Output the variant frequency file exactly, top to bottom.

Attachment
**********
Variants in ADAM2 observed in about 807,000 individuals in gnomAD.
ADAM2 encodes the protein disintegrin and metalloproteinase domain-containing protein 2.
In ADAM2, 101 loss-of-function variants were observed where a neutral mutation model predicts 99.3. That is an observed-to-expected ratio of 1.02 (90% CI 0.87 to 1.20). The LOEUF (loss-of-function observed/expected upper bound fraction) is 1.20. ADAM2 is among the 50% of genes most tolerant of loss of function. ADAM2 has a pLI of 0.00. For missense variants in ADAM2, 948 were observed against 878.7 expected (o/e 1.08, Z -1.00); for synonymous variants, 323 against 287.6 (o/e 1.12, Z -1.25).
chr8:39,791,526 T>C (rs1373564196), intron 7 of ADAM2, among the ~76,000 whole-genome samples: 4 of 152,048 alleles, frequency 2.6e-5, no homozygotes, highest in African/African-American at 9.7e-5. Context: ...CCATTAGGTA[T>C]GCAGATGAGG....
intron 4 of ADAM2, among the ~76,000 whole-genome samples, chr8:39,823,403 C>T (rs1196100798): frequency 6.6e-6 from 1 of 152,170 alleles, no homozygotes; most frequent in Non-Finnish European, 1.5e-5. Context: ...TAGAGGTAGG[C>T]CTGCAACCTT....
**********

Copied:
Variants in ADAM2 observed in about 807,000 individuals in gnomAD.
ADAM2 encodes the protein disintegrin and metalloproteinase domain-containing protein 2.
In ADAM2, 101 loss-of-function variants were observed where a neutral mutation model predicts 99.3. That is an observed-to-expected ratio of 1.02 (90% CI 0.87 to 1.20). The LOEUF (loss-of-function observed/expected upper bound fraction) is 1.20. ADAM2 is among the 50% of genes most tolerant of loss of function. ADAM2 has a pLI of 0.00. For missense variants in ADAM2, 948 were observed against 878.7 expected (o/e 1.08, Z -1.00); for synonymous variants, 323 against 287.6 (o/e 1.12, Z -1.25).
chr8:39,791,526 T>C (rs1373564196), intron 7 of ADAM2, among the ~76,000 whole-genome samples: 4 of 152,048 alleles, frequency 2.6e-5, no homozygotes, highest in African/African-American at 9.7e-5. Context: ...CCATTAGGTA[T>C]GCAGATGAGG....
intron 4 of ADAM2, among the ~76,000 whole-genome samples, chr8:39,823,403 C>T (rs1196100798): frequency 6.6e-6 from 1 of 152,170 alleles, no homozygotes; most frequent in Non-Finnish European, 1.5e-5. Context: ...TAGAGGTAGG[C>T]CTGCAACCTT....